A homosexual laughing and kissing his French lover; a Police officer listening to his colleagues who are joking about women; a man who desperately tries to unite these two self-perceptions within himself: the drama “Poppy Field”, which was released in 2020 and directed by Eugen Jebeleanu -the only openly gay director in all Romania- tells the story of Cristi (Conrad Mericoffer), who is a gay policeman in the conservatively influenced country Romania. While being visited by his somewhat secret lover from France, Cristi gets called on a mission to a movie theater where religious fanatics are protesting against the projection of an LGBTQIA+ movie. When a former lover of Cristi threatens to kick him out in front of his colleagues during the intervention, a night of anxiety and emotional rollercoaster begins for him.
The harmony and warmth that the viewer first feels when seeing Cristi and his boyfriend rolling around in bed, hugging and smiling shyly at each other, is abruptly interrupted by the long shot that shows the protest scene in the movie theatre. Loud voices, angry faces, the bored police officers who don’t achieve anything, and the viewer is right in the middle of this huge chaos. We quickly get an insight into the discomforting atmosphere of the movie. For 80 minutes straight we experience the two paradoxical sides of Cristi’s life.
On the one hand, he is a gay man who is in love and in the process of accepting his own sexuality. But on the other hand, in the movie clearly dominating hand, he is part of a patriarchic and xenophobic work field that is in the centre of a homophobic society in denial. Whoever thinks that the “Don’t ask, don’t tell” policy vanished around the same time as MP3 players just needs to observe the tension between Cristi and his fellow police officers. Everybody knows that his colleagues might know about Cristi’s sexuality, but since nobody would ever dare to even mention the topic, all of the dialogues are just a tornado of metaphors, hints and indirect advices that leave the viewer with a huge mess and a big question mark in their head.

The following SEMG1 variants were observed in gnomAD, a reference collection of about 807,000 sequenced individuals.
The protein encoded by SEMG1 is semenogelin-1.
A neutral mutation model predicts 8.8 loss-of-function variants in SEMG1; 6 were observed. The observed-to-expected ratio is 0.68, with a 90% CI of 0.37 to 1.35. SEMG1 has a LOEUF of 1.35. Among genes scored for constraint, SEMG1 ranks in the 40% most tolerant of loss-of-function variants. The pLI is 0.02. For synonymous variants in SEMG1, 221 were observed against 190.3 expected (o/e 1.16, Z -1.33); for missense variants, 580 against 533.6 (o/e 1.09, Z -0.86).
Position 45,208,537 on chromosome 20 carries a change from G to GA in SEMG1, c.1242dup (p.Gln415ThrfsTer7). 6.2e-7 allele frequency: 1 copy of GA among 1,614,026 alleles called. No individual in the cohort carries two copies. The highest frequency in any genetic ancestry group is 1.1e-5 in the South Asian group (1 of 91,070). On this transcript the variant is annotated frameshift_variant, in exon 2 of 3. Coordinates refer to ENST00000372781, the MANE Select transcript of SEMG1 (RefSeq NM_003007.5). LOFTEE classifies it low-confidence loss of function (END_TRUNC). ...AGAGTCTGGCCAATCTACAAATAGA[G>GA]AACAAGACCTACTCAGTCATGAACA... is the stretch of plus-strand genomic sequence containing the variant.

In the end it is up to us to decide whether Cristi’s colleagues knew that he was gay or not, but what is certain is that as long as everybody acts like he is a heterosexual, that is how society will perceive him. The long conversations with hidden clues and the active ignorance they show towards Cristi’s sexuality show the ridiculousness and absurdity of a society that chooses not to see whatever they don’t want to see. All this is accompanied by the apparent team spirit of all the Police officers. When the whole team tries to cover up a mistake that Cristi made, it might at first seem emotional. However, the closer we get to the end of the movie, the more obvious it becomes how toxic and insincere this bond between the colleagues is. To the objective observer it is obvious: this “team spirit” will only persist as long as the Police officers can pretend to not see and willingly ignore the fact that Cristi is gay. The movie leaves us with a rather hopeless ending: Cristi, still not willing to show himself to his colleagues and his fellow Police officers, still choosing not to see what is right in front of them. The movie ends at the exact same point as it started. Jebeleanu gives “Poppy Field” a very personal note by always keeping the focus of the camera on the person who is speaking. Every blink, every smile, every motion is of importance to portray the dilemma that Cristi finds himself in. During some scenes it is partially difficult to find the connection between the ongoing dialogue and Cristi’s struggle, while parts of other scenes seem to serve no purpose and could therefore be perceived as somewhat random. In any case, it gives us a perfect insight into a conflicted character in a toxic society that chooses hatred over honesty.